contractee string The player of which the contract was created
    contractor optional string The player that accepted the contract, might not be set yet
    reward number The amount of credits that the contractee pays the contractor once the contract has been fulfilled
    parameters otpional object Any valid json object that can be used to modify the modules behaviour
    • Game.constract: Is only available from within a contract, contains the currently executed Contract object.

    • Game.contracts.available: Array of available Contract objects.

    • Game.contracts.accepted: Array of Contract objects that you accepted.

    • Game.contracts.created: Array of Contract objects that you created but are not accepted yet.

    • Game.contracts.running: Array of Contract objects that you created any were accepted by someone else.

    • Game.contracts.create(moduleName, reward, [parameters]): Create a new contract

    parameter type description
    moduleName string Name of the module you want to create as a contract
    reward number The amount of credits that the contractee pays the contractor once the contract has been fulfilled
    parameters otpional object Any valid json object that can be used to modify the modules behaviour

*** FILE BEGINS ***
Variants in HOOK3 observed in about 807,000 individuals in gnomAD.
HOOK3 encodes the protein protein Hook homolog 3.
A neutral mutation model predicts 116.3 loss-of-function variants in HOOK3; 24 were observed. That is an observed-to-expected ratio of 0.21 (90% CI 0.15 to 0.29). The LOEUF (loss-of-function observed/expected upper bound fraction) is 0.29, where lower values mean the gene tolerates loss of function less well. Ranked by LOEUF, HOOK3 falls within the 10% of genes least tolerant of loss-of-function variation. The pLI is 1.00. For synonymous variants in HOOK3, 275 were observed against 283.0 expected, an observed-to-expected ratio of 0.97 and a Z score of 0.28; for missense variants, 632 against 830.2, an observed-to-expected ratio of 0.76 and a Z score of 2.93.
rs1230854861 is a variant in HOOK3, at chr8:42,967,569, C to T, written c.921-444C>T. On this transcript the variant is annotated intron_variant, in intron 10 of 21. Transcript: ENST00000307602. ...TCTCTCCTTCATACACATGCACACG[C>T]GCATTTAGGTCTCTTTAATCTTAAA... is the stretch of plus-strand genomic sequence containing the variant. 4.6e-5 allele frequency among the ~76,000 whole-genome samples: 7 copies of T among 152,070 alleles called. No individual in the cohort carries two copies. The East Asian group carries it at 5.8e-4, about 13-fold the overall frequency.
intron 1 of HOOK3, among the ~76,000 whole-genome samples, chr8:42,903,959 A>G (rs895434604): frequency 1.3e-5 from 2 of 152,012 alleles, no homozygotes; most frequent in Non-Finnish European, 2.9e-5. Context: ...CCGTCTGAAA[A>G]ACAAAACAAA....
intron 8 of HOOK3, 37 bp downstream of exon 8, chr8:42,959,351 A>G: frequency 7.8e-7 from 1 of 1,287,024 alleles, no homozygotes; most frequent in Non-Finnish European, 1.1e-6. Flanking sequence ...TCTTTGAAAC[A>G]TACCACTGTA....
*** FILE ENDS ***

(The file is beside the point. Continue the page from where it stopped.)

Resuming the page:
• Game.contracts.accept(id): Accept an available contract
    parameter type description
    id string A unique identifier of the contract you want to accept
    posted in General Discussion
  • RE: Discussion: Contract system

    @artch said in Discussion: Contract system:

    @postcrafter We won't have API for automatic contracts acceptance/creation, so environment variables don't make a lot of difference.

    I seem to have missed that part about no automatic creation and acceptance of contracts earlier. Unfortunately this makes it a non-feature for me, I think you do at least need to be able to create contracts automatically, accepting them is a bit riskier for obvious reasons, but it's a problem that's absolutely solveable.

    posted in General Discussion
  • RE: Discussion: Contract system

    @artch said in Discussion: Contract system:

    @postcrafter

    Taking your example from above, if someone wants to setup two contracts for different sourceIds, he will have to copy the module's code and change the constant's value for each of them. It doesn't make any sense to copy an entire file just to change a single value. This would not only be bad coding practice (DRY), it would be impossible or at least impractical to automate.

    Oh, I see. Well, it's just how the system works basically - every contract consists of some code. You can use an external template (e.g. from GitHub) to create that code, but essentialy it will be a separate script in the database. In the same way as how we have a lot of players running identical open source code base - it's also suboptimal, but it is how it works.